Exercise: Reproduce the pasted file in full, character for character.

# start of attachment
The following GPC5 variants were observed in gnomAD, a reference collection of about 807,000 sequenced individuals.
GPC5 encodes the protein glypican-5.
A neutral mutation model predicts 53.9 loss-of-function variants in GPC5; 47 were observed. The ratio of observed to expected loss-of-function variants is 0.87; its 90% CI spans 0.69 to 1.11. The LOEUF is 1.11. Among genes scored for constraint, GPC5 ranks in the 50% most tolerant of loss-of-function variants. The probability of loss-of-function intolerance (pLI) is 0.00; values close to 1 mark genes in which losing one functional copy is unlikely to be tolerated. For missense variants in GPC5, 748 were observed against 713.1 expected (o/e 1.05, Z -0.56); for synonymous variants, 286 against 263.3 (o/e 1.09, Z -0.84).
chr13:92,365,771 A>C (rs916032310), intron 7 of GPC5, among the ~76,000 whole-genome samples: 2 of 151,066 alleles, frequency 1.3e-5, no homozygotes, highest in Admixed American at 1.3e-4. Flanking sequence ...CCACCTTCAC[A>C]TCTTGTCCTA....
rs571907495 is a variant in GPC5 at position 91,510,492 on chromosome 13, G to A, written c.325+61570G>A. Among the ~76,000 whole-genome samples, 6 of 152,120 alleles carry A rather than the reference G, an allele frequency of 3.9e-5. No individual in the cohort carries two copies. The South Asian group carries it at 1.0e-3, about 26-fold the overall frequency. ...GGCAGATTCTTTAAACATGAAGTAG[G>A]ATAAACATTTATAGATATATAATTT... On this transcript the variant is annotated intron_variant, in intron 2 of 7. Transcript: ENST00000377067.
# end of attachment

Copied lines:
The following GPC5 variants were observed in gnomAD, a reference collection of about 807,000 sequenced individuals.
GPC5 encodes the protein glypican-5.
A neutral mutation model predicts 53.9 loss-of-function variants in GPC5; 47 were observed. The ratio of observed to expected loss-of-function variants is 0.87; its 90% CI spans 0.69 to 1.11. The LOEUF is 1.11. Among genes scored for constraint, GPC5 ranks in the 50% most tolerant of loss-of-function variants. The probability of loss-of-function intolerance (pLI) is 0.00; values close to 1 mark genes in which losing one functional copy is unlikely to be tolerated. For missense variants in GPC5, 748 were observed against 713.1 expected (o/e 1.05, Z -0.56); for synonymous variants, 286 against 263.3 (o/e 1.09, Z -0.84).
chr13:92,365,771 A>C (rs916032310), intron 7 of GPC5, among the ~76,000 whole-genome samples: 2 of 151,066 alleles, frequency 1.3e-5, no homozygotes, highest in Admixed American at 1.3e-4. Flanking sequence ...CCACCTTCAC[A>C]TCTTGTCCTA....
rs571907495 is a variant in GPC5 at position 91,510,492 on chromosome 13, G to A, written c.325+61570G>A. Among the ~76,000 whole-genome samples, 6 of 152,120 alleles carry A rather than the reference G, an allele frequency of 3.9e-5. No individual in the cohort carries two copies. The South Asian group carries it at 1.0e-3, about 26-fold the overall frequency. ...GGCAGATTCTTTAAACATGAAGTAG[G>A]ATAAACATTTATAGATATATAATTT... On this transcript the variant is annotated intron_variant, in intron 2 of 7. Transcript: ENST00000377067.